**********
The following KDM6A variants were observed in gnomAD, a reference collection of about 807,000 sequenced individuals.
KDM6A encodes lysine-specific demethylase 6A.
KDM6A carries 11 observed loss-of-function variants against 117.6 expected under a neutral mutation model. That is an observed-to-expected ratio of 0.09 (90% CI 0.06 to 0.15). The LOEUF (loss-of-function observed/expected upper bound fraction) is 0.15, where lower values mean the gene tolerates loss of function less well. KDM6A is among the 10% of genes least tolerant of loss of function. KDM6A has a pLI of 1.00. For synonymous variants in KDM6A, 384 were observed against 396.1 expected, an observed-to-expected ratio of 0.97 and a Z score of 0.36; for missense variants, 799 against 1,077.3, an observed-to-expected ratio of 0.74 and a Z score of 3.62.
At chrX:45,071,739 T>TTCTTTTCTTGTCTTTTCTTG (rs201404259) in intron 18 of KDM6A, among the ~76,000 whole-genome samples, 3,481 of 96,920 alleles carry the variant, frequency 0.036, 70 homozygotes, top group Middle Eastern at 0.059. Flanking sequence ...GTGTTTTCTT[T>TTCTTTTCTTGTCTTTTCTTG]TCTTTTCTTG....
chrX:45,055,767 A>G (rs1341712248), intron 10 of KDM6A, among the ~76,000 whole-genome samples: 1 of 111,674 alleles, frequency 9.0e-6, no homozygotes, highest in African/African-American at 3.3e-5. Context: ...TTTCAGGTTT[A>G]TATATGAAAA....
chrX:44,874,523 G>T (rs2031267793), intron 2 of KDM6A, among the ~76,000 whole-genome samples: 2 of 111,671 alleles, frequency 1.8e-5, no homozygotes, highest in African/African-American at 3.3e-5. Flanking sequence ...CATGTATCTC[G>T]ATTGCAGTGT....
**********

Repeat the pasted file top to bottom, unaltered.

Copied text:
The following KDM6A variants were observed in gnomAD, a reference collection of about 807,000 sequenced individuals.
KDM6A encodes lysine-specific demethylase 6A.
KDM6A carries 11 observed loss-of-function variants against 117.6 expected under a neutral mutation model. That is an observed-to-expected ratio of 0.09 (90% CI 0.06 to 0.15). The LOEUF (loss-of-function observed/expected upper bound fraction) is 0.15, where lower values mean the gene tolerates loss of function less well. KDM6A is among the 10% of genes least tolerant of loss of function. KDM6A has a pLI of 1.00. For synonymous variants in KDM6A, 384 were observed against 396.1 expected, an observed-to-expected ratio of 0.97 and a Z score of 0.36; for missense variants, 799 against 1,077.3, an observed-to-expected ratio of 0.74 and a Z score of 3.62.
At chrX:45,071,739 T>TTCTTTTCTTGTCTTTTCTTG (rs201404259) in intron 18 of KDM6A, among the ~76,000 whole-genome samples, 3,481 of 96,920 alleles carry the variant, frequency 0.036, 70 homozygotes, top group Middle Eastern at 0.059. Flanking sequence ...GTGTTTTCTT[T>TTCTTTTCTTGTCTTTTCTTG]TCTTTTCTTG....
chrX:45,055,767 A>G (rs1341712248), intron 10 of KDM6A, among the ~76,000 whole-genome samples: 1 of 111,674 alleles, frequency 9.0e-6, no homozygotes, highest in African/African-American at 3.3e-5. Context: ...TTTCAGGTTT[A>G]TATATGAAAA....
chrX:44,874,523 G>T (rs2031267793), intron 2 of KDM6A, among the ~76,000 whole-genome samples: 2 of 111,671 alleles, frequency 1.8e-5, no homozygotes, highest in African/African-American at 3.3e-5. Flanking sequence ...CATGTATCTC[G>T]ATTGCAGTGT....